Tuesday, 25 August 2009

The Murder of John Lennon


  1. MoFu Chapman. Hope he stays in prison forever, that crazed asshole should die in prison. Menace to society, and deranged psycho who is mentally fuct! ..BLAME IT ON THE LITTLE PEOPLE. OMG, what a schmuck.
    ..ruined my enjoyment of Catcher too :(

  2. John's music and spirit lives on. Peace

  3. John Lennon Forever

  4. Chapman thought he was John Lennon, or become him by killing him, it's a twisted mind, of a psychotic murderer - his actions are worthy of what American justice are giving him, and that's denial, denial of leading a normal life outside - like you and I? Unless you're reading this behind bars? (hmm..) Guess, he is better off being imprisoned. If he was released he would be murdered..best to let him live with what he has done, and to suffer behind bars; he destroyed the Lennon-Ono Family and hurt Yoko so much, poor Sean, he grew up without a father, a father whose legend, music, spirit and soul will live forever, in the stars, in the sky in all of us, because we are all one and we are all together in this Universe & John Lennon's words and music will live on. Peace

  5. No need for the expletive man.
    Chapman is evil, and his violent act destroyed the Lennons and the world. Yoko is here, thank God..

  6. Yes, Yoko is here. Can I use an expletive?

  7. This comment has been removed by the author.


  9. Mother Fucker Chapman!

  10. Why make this video? The graphic description, on this very blog, isn't awful enough? I feel the same way I felt when I saw Passion of the Christ-why pervert the event?

  11. It was on December 8, 1980, that five gunshots rang out in the New York night, signalling the end of an era.

    The victim was John Lennon, the former Beatle who had adopted the city as his home and was enjoying a musical comeback after five years out of the limelight.

    Now to mark the the 30th anniversary of his death, a remarkable new film reveals what happened in his final hours, including interviews with the medical staff who tried desperately to save his life after he was shot by crazed fan Mark Chapman.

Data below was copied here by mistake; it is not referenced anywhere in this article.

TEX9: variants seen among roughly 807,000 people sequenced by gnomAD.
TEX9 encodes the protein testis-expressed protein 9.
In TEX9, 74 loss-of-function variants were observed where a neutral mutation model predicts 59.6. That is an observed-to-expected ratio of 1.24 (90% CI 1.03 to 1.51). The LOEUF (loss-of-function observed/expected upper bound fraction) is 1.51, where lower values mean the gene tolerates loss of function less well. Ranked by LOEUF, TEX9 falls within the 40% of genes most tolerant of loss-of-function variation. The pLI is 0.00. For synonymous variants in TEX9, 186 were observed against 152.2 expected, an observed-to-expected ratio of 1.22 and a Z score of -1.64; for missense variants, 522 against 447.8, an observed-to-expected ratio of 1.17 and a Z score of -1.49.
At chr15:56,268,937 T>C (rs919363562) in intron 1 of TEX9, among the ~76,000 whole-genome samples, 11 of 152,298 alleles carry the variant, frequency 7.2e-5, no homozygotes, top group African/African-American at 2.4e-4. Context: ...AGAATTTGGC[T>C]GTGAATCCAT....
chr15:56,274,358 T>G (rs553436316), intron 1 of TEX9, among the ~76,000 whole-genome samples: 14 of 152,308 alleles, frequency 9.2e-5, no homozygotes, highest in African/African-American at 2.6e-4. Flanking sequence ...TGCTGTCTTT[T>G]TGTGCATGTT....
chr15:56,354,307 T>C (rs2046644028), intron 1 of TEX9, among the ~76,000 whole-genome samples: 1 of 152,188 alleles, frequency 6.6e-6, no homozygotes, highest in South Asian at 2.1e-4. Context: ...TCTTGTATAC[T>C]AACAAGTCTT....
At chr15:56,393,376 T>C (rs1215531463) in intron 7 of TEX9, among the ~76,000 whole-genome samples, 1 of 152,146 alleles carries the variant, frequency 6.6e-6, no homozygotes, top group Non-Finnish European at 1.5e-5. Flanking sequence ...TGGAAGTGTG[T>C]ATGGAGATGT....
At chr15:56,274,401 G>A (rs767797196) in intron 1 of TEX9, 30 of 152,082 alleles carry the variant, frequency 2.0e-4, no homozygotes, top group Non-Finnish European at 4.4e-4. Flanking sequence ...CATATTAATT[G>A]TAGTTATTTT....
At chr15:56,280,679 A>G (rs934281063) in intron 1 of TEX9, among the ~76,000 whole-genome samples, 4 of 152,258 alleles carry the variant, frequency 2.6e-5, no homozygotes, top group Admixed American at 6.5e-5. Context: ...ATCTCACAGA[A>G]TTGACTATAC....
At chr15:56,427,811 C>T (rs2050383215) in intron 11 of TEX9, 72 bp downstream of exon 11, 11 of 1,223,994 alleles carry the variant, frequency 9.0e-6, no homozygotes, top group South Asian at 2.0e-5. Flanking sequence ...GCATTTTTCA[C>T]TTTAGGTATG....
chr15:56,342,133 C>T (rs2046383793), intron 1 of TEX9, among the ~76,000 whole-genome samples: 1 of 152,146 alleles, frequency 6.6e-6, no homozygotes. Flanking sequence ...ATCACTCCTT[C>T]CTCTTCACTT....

Here is how that tragic day unfolded... LEAVING their home at the Dakota building, on Manhattan's Upper West Side, John breakfasts on eggs Benedict at the nearby Cafe La Fortuna with his wife, Yoko Ono..

    Arriving back at the Dakota, John and Yoko greet Rolling Stone photographer Annie Liebovitz who snaps Lennon naked and clinging to his clothed wife, an image that adorns the mag front cover six weeks later.

    Fan Paul Goresh arrives at the Dakota where he meets Mark Chapman, a 25-year-old college drop-out who flew in two days earlier. Goresh says: "The only other person there was a guy with a long overcoat with a fur collar and a fur hat.

    "He was holding Double Fantasy [Lennon's latest album] and he says to me, 'Are you waiting for Lennon?' And I said, 'Yeah'. He said, 'My name's Mark, I'm from Hawaii'. I said 'I'm Paul'. He said, 'I came all the way from Hawaii to get my album signed'."

    Journalist Dave Sholin arrives at the Dakota to interview John. He says: "We were ushered into this incredible space. We sat down on a couch and Yoko was there and I looked up at the ceiling - these beautiful clouds that were painted on."

    As the interview ends, John remarks: "I consider that my work won't be finished until I'm dead and buried and I hope that's a long, long time."

    Goresh and Chapman are still waiting outside when Sholin and his team emerge to take a limo to the airport. Then John appears, looking for the car that will take him and Yoko to the Record Plant recording studio. He strikes up a conversation with Goresh, who says: "As he was talking to me the guy with the overcoat approached him from the left.

    "He didn't say a word, he just held the album out in front of John who turned to him and said, 'Do you want it signed?' And the guy nodded. He didn't say a word.

  12. "I snapped a couple of pictures. He nodded and he took the album and just backed away." With his car still nowhere in sight, John and Yoko ask Sholin for a lift.